While property losses from natural disasters such as Hurricane Matthew may grab headlines in the insurance press, casualty losses often drive the more significant cyclical disruptions in the U.S. market. Fortunately, casualty reserving for recent policy periods looks relatively healthy, although pressure from falling interest rates is starting to mount.
The opening scene of “The Big Short”, a movie adapted from a Michael Lewis book of the same title, closes with Greg Lippman (played by Ryan Gosling) advising the viewer that:
While the whole world was having a big old party, a few outsiders and weirdos saw what no-one else could. These outsiders saw the giant lie at the heart of the economy and they saw it by doing something the rest … never thought to do. They looked.
The next scene then features one of those outsiders, a hedge fund manager named Michael Burry (played by Christian Bale), talking to a potential hire about the “markers” of a bubble in the housing market—ones that had appeared during the housing crash in the 1930’s and that were reappearing in 2005. Mr. Burry was looking at the housing market for signs of a bubble and finding them—well in advance of the housing crash that would follow starting in 2007.
The lesson? One is well-served to look for signs of bubbles before they burst. We last examined the state of the liability market more than 4 years ago (WIN Magazine Summer 2012, Volume 2 Issue 1). It is time for another look.
Like housing bubbles, insurance bubbles also have tell-tale advance markers. The markers are signs that companies have unreasonable expectations about the value of the business that they are putting on the books. Unreasonable expectations sometimes form from necessity. Like homebuyers in the mid-2000’s who were confronted with astronomical housing prices yet rationalized uncomfortable purchase decisions with unreasonable expectations, underwriters in the late 1990’s were faced with the choice of walking away from the market or staying in the game and hoping that the soft market prices weren’t quite as bad as they seemed.
Such false hope and unreasonable expectations can appear in two areas. First, companies can assume that losses are going to be lower than an objective forecast. Second, companies can assume that rates of returns on investments are going to be higher than expected.
Do we see evidence of either delusion in today’s marketplace?
Two useful indicators of the reasonableness of expectations about losses are 1) paid-to-incurred ratios and 2) accident year incurred loss development. As will be shown below, both of these indicators deteriorated significantly in the late 1990’s, well in advance of the market turn in casualty insurance.
At the end of every year, companies must assess the loss experience of the most recent accident year as well as past accident years. In property lines, claims settle quickly, so you usually have a good sense of where you stand at the end of the year. In casualty lines, however, there can be long lags between the occurrence of accidents and the ultimate claims payments. It takes time for suits to be filed and for cases to be settled. It can even take a long time to discover that an injury has even occurred. As a result, early assessments of the total incurred liability loss associated with an accident year will involve a lot of guesswork about how losses will develop in the future.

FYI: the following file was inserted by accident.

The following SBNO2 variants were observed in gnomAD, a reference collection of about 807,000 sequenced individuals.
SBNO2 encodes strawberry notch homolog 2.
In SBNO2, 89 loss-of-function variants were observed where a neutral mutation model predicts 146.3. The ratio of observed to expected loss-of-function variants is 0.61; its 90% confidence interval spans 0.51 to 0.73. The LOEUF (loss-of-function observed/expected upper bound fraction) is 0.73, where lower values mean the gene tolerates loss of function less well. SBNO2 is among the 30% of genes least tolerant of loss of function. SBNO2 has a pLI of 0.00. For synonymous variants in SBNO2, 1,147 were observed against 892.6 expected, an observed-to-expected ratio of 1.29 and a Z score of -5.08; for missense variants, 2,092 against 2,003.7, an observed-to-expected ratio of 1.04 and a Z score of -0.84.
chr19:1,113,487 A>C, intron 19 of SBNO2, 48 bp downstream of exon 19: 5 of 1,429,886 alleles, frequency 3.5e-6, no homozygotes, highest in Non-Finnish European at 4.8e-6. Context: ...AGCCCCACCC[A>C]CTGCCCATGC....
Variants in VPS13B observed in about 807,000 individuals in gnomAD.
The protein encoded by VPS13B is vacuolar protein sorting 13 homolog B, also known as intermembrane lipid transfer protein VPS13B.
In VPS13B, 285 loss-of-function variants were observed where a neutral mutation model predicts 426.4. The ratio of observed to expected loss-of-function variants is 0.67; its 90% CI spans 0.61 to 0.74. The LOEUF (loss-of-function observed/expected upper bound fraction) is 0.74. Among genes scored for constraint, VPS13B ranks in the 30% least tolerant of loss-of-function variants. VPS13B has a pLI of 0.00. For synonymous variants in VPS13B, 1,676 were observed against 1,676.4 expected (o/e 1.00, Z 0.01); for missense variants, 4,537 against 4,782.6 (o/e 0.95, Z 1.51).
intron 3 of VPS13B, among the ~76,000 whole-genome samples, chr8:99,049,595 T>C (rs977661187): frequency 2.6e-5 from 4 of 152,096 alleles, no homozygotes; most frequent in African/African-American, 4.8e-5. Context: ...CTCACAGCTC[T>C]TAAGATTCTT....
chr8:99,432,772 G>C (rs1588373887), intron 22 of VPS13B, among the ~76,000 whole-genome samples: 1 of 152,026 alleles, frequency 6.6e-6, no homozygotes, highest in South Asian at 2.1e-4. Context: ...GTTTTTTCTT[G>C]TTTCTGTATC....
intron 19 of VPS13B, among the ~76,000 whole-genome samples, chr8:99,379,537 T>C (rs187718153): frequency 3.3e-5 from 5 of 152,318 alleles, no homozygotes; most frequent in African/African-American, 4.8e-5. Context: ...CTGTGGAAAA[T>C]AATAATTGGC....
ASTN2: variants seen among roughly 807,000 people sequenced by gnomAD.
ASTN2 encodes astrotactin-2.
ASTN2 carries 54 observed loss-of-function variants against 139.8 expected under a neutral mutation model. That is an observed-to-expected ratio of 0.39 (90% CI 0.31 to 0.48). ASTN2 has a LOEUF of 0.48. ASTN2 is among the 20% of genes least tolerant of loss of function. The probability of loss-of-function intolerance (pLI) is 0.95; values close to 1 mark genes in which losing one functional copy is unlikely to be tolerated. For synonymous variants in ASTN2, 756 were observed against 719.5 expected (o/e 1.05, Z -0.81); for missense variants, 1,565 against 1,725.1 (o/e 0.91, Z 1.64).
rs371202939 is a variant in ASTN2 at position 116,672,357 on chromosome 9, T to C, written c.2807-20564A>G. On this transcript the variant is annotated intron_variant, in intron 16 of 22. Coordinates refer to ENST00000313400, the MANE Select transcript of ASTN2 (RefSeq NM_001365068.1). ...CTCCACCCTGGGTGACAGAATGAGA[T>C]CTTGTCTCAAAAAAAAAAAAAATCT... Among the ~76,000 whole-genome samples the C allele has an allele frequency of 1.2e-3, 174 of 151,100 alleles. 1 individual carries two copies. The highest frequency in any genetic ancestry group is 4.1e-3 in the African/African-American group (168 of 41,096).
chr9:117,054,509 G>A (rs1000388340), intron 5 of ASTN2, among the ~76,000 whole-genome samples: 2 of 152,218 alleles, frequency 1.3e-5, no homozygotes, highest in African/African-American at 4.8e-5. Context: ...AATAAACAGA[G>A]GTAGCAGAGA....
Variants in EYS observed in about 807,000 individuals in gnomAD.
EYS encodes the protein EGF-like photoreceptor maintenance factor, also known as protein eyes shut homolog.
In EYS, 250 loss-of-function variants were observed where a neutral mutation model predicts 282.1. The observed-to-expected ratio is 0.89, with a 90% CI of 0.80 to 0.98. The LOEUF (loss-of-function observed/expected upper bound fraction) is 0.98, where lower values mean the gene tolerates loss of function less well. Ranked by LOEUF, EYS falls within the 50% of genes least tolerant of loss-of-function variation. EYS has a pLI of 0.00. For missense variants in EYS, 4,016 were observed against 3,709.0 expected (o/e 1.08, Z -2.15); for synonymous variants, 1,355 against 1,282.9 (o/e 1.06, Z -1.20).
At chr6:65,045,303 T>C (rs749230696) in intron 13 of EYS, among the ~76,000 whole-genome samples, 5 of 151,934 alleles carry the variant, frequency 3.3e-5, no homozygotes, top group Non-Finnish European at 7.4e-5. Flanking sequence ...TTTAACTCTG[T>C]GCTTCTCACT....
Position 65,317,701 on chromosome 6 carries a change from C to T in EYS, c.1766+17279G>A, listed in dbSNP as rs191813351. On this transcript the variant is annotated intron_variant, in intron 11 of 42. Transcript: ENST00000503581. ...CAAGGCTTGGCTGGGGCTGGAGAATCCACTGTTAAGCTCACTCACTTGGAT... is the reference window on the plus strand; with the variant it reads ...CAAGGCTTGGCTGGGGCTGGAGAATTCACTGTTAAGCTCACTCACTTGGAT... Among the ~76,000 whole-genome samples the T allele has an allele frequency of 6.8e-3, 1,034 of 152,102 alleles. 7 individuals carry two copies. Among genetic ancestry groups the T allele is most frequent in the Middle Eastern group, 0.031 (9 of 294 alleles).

A good early assessment of this guess work is the paid-to-incurred ratio, which is the ratio of an accident year losses that have actually been paid to the company’s guess of the total incurred loss that will ultimately be paid for claims associated with that accident year. A high value of this ratio suggests that companies have underestimated the ultimate losses.
As can be seen in the figures below, 1 the deterioration in this metric in three of the major lines of casualty insurance was evident in the mid- to late 1990’s. At the time, as the signal emerged, some argued that payment patterns had changed, as industry practices were moving toward accelerated settlement—suggesting that higher paid-to-incurred ratios were not actually a danger sign. It seemed a reasonable story, but, unfortunately, the truth was that payment patterns hadn’t actually changed all that much, and that losses indeed had been significantly underestimated. Reserves were added, eventually triggering the crisis of the early 2000’s.
Paid-to-incurred ratios in recent years, however, look relatively tame. Ratios are well below those seen during the problem years of the 1990’s, are lower than historical averages, and have even been trending downward in recent years.
Quite simply, the idea here is to look at the initial company estimates of the total incurred loss in each accident year and see how they change over time. If companies have to revise their estimates upward, then their initial guesses were too optimistic. Several years in a row of underestimation of the target could suggest a festering problem.
Such a problem emerged in the late 1990’s, as companies were consistently underestimating the losses associated with recent accident years, as can be seen in the Figure 4 below 2